Section 552.101 also protects information made confidential by statutes. Federal regulations prohibit the release of CHRI maintained in state and local CHRI systems to the general public. See 28 C.F.R. § 20.21(c)(1) ("Use of criminal history record information disseminated to noncriminal justice agencies shall be limited to the purpose for which it was given."), (2) ("No agency or individual shall confirm the existence or nonexistence of criminal history record information to any person or agency that would not be eligible to receive the information itself."). Section 411.083 provides that any CHRI maintained by the Department of Public Safety ("DPS") is confidential. Gov't Code § 411.083(a). Similarly, CHRI obtained from the DPS pursuant to statute is also confidential and may only be disclosed in very limited instances. Id . § 411.084; see also id. § 411.087 (restrictions on disclosure of CHRI obtained from DPS also apply to CHRI obtained from other criminal justice agencies). We have marked the information that you must withhold.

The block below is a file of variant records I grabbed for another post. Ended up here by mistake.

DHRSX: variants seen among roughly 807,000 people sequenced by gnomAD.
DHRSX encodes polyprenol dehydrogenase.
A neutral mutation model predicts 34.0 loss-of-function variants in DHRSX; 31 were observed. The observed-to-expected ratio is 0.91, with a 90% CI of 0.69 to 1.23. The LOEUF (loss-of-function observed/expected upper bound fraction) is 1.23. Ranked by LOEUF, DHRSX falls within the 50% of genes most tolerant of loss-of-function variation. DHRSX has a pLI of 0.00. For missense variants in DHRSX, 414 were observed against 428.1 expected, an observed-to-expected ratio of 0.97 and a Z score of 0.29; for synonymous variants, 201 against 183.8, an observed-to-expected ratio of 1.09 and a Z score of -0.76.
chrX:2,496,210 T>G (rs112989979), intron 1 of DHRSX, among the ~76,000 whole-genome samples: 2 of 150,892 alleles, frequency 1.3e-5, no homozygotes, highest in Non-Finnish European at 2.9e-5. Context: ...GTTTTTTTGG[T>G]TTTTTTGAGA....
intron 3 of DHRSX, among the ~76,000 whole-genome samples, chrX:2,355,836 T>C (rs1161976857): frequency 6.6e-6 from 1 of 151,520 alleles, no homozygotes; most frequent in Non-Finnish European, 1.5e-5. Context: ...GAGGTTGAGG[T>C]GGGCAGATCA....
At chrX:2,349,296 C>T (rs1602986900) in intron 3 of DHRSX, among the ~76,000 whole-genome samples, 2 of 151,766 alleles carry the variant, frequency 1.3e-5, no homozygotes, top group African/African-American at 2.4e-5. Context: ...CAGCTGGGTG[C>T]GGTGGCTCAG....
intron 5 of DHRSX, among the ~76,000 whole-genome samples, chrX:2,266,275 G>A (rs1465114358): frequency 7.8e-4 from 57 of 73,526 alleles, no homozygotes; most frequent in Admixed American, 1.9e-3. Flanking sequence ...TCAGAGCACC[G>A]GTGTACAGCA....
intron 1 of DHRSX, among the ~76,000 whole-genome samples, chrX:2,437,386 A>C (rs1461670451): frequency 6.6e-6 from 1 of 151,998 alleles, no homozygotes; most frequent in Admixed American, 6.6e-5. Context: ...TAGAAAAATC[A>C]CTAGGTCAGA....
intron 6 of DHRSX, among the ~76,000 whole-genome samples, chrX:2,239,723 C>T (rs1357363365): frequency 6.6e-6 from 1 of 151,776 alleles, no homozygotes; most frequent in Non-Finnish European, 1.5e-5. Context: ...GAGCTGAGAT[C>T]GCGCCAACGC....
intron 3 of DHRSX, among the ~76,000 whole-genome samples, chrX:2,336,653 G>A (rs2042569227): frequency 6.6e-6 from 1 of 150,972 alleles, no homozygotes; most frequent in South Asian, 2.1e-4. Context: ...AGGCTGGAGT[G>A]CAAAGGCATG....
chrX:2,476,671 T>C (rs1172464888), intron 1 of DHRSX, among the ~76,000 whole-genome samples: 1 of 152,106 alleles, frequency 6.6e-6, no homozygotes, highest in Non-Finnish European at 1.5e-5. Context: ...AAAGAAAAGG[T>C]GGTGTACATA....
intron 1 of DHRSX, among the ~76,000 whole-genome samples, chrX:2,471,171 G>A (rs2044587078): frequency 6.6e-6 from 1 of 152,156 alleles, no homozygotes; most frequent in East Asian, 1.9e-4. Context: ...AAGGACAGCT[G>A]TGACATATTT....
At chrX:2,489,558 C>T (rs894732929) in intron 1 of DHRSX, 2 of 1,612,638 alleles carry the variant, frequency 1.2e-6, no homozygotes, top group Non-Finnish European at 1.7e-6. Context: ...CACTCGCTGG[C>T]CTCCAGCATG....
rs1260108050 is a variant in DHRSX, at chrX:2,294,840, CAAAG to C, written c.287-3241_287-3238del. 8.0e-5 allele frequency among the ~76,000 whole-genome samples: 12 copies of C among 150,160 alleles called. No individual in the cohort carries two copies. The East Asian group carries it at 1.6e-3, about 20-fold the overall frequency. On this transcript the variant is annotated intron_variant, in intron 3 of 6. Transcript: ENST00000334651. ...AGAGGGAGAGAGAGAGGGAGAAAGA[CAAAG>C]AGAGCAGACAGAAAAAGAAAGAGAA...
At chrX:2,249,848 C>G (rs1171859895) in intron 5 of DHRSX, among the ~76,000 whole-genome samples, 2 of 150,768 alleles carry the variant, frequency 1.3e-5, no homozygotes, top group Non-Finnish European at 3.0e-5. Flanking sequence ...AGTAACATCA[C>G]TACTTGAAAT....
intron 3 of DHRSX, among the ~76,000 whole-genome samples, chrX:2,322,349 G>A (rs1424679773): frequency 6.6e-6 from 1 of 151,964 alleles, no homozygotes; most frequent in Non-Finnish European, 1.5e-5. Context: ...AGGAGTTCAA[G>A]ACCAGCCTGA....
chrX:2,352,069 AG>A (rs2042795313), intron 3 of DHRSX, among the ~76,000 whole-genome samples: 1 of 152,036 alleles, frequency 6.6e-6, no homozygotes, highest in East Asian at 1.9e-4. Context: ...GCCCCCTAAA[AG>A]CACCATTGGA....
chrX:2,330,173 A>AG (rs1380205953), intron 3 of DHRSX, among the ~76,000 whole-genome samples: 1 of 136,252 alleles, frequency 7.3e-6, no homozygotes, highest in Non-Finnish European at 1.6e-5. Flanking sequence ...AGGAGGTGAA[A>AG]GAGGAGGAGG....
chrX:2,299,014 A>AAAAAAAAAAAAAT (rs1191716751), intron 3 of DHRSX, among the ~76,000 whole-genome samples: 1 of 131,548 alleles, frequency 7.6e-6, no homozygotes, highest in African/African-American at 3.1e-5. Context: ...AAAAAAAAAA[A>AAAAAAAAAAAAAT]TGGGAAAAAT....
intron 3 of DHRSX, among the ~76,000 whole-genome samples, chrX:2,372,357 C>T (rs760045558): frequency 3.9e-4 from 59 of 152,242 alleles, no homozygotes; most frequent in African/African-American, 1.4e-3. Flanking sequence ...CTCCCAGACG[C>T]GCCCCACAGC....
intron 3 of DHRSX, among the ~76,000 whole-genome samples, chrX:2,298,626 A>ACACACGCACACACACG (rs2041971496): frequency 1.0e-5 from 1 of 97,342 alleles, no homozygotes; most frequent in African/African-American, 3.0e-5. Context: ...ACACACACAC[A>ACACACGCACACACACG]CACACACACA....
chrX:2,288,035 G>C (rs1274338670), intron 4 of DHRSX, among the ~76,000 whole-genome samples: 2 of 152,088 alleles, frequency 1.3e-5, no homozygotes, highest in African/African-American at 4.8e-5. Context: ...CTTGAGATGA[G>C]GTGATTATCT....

The information includes social security numbers. Social security numbers may be withheld under section 552.101 in conjunction with the 1990 amendments to the federal Social Security Act, 42 U.S.C. § 405(c)(2)(C)(viii)(I) if they are obtained and maintained by a governmental body pursuant to any provision of law enacted on or after October 1, 1990. See id. We have no basis for concluding that any of the social security numbers in the file are confidential under section 405(c)(2)(C)(viii)(I), and therefore, excepted from public disclosure under section 552.101 on the basis of that federal provision. We caution, however, that section 552.352 of the Public Information Act imposes criminal penalties for the release of confidential information. Prior to releasing any social security number information, you should ensure that no such information was obtained or is maintained by the city pursuant to any provision of law enacted on or after October 1, 1990.